One of the most respected, long-lived and powerful emperors in Chinese history, Chien Lung, travels to one of the most scholarly cities in China incognito, and there he indulges his interest in gambling and a certain courtesan.
Prominent kung-fu actor David Chiang teams up with Chang Cheh's award winning screenwriter Ni Kuang to create a visual masterpiece full of exotic martial arts skills and fights in Shaolin Hand Lock. Chiang, who learned the secret 'Shaolin Handlock' technique from his father, is on a mission to avenge his father's death, which was ordered by the evil Ling Hao, played by Shaw Brothers' penultimate bad guy, kung-fu star, Lo Lieh. Adding to the great success of this film was the glamorous yet outlandishly inventive action sequences staged by acclaimed martial arts choreographer Tang Chia and an imposing visual edge and meticulously stylish directing by the brilliant director Ho Meng-hua who was responsible for giving early film breaks to Jackie Chan and Sammo Hung.
"Without a doubt," it was written in the seminal Study Of The Swordplay Film, "Hsu Cheng-hung is one of the key figures in the Mandarin new style." And this is both one of his key films and one of his last for Shaw Brothers. The lovely Ching Li and handsome Chang I star as star-and-sword-crossed comrades who take on the vicious Black Tigers gang in a quest for hidden wealth. There’s action galore, until the final, fiery fight in a temple of treasure.
Ching Li, Chang I, Shu Pei-pei, Lin Ching, Tien Feng
Noted comedic actor Michael Hui Koon-man takes on the leading role in Scandal as Zhen Ming, a roguish scamp who dallies around with his best friend Chia Liang and (Wang Sheng) and getting into all sorts of misadventures along the way. Political corruption is rampant in Wan Ping County. Hopei Province, and when these two end up wandering into town one fateful day, all hell breaks loose as the men conspire their way to the top! Zheng Ming becomes the governor of Wan Ping County while his second in command Chia Liang ends up taking on the position of magistrate. Will these two punks turn the county into a decent place or are they far worse than the people they replaced?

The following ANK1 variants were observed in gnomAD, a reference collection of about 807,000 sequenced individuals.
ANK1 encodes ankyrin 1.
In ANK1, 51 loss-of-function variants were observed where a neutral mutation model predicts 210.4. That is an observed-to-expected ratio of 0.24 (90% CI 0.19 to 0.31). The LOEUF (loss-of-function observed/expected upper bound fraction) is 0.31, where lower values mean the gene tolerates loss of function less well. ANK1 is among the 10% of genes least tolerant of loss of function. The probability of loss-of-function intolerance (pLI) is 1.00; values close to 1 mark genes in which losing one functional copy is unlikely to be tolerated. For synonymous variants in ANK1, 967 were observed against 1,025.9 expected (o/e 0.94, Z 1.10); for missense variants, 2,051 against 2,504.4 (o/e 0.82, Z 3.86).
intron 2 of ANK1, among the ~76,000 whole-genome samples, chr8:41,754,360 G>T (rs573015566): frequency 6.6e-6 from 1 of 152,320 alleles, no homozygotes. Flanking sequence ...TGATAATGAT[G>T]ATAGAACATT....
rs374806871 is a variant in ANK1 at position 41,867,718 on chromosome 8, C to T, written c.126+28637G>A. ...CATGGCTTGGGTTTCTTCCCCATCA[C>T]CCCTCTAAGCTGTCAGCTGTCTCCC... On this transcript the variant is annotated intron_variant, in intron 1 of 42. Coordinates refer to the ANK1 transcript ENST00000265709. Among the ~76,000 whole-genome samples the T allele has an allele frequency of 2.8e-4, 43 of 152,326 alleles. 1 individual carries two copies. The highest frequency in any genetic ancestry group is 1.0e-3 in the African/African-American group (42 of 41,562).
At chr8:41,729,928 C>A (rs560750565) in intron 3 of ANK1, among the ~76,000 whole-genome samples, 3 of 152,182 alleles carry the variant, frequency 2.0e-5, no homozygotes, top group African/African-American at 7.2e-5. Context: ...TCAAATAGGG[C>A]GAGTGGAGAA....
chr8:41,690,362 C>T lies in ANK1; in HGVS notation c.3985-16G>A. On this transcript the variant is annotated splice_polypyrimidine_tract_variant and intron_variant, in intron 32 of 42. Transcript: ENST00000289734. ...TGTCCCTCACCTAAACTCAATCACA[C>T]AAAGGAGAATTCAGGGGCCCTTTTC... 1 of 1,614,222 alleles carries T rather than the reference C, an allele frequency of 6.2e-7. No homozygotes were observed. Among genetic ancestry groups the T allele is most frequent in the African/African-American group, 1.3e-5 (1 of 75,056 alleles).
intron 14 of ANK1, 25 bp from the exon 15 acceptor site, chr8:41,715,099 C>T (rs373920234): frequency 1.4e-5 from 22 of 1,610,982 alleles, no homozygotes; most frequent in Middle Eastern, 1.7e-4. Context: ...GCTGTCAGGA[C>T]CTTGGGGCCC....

Lo Lieh was famous as Shaw Studio's first international kung-fu film star. He was famous throughout Asia for dozens of superlative performances in everything from horror to modern thrillers to martial arts. But it was the rare saga Lo also directed, and this was one of those special events. Following his huge success starring as the infamous Shaolin Temple traitor in preeminent kung-fu filmmaker Liu Chia-liang's Executioners From Shaolin, he returned to the role in this, a combination sequel and remake. Liu stayed on as choreographer, while his famed adoptive brother, Gordon Liu Chia-hui, and his discovery, Hui Ying-hung, stepped into the starring roles. The result is a lighter-hearted entertainment, as our hero learns "Embroidery Fist" and acupuncture to counter the evil White Lotus leader's deadly "Weightless Boxing" and "Nerve Centre Shutdown" techniques. The permutations of their fights are delightful to behold.
Kwan leads a double life as a waitress and as an infamous outlaw, The Black Butterfly. When she steals a cache of gold from the Five Devils Rock bandits, she soon has the bandits, and the government, on her tail.
Respected veteran director Li Han-hsiang capped it all off with this fascinating period drama of royal intrigue. Li Kun plays the ingenious Lord Liu, whose intelligence is envied by the Emperor (Liu Yung).
Film lovers and critics went out of their way to praise this Liu Chia-liang version of the Shaolin destruction and revenge epic. Many called it the preeminent kung-fu director's best and certainly his greatest on the theme of history, martial arts, and family. Little wonder, since, beyond the Shaolin story, it also shows how Liu's own family style of kung-fu, Hung Fist, was created. There are unforgettable sequences throughout, highlighted by Hung Hsi-kuan (the mighty Chen Kuan-tai) and Fang Yung-chun's (the wonderful Lily Li) wedding night... where the lovers inexorably test their Tiger and Crane kung-fu styles in a symbolic treatment of a couple's power struggles. Almost equally unforgettable are the training sequences and a full three titanic confrontations with the White-Browed Hermit (the impressive Lo Lieh), betrayer of the Temple. The critics were right: Liu has out-done himself...as usual!
Director Chow Sze-loke brings to you one of the most famous stories from the renowned Chinese novel, The Water Margin. The Amorous Lotus Pan tells the story of a poor but beautiful girl, Lotus Pan (the radiant Diana Chang Chung-wen). Cruelly labelled "a delight to all men", Pan is raped by her young master. Stained with a past such that she is unable to be wedded to a rich man, she is then married to a midget who treats her like an animal. Lost and alone, Pan falls for his brother, playboy Wu Song (Paul Chang Chung)... but beautiful women do not have things easy. Pan is also lusted after by the murderous Men Ching (Pai Yun) and unwittingly becomes a pawn in the game of lust, egoistic desires and cruelty as she becomes the unwilling conspirator and ultimately, the victim in a vicious game of macho bravado and murder!
Chang Chung-wen, Pai Yun, Paul Chang-chung, Hung Wei, Li Kun, Chin Jen-shu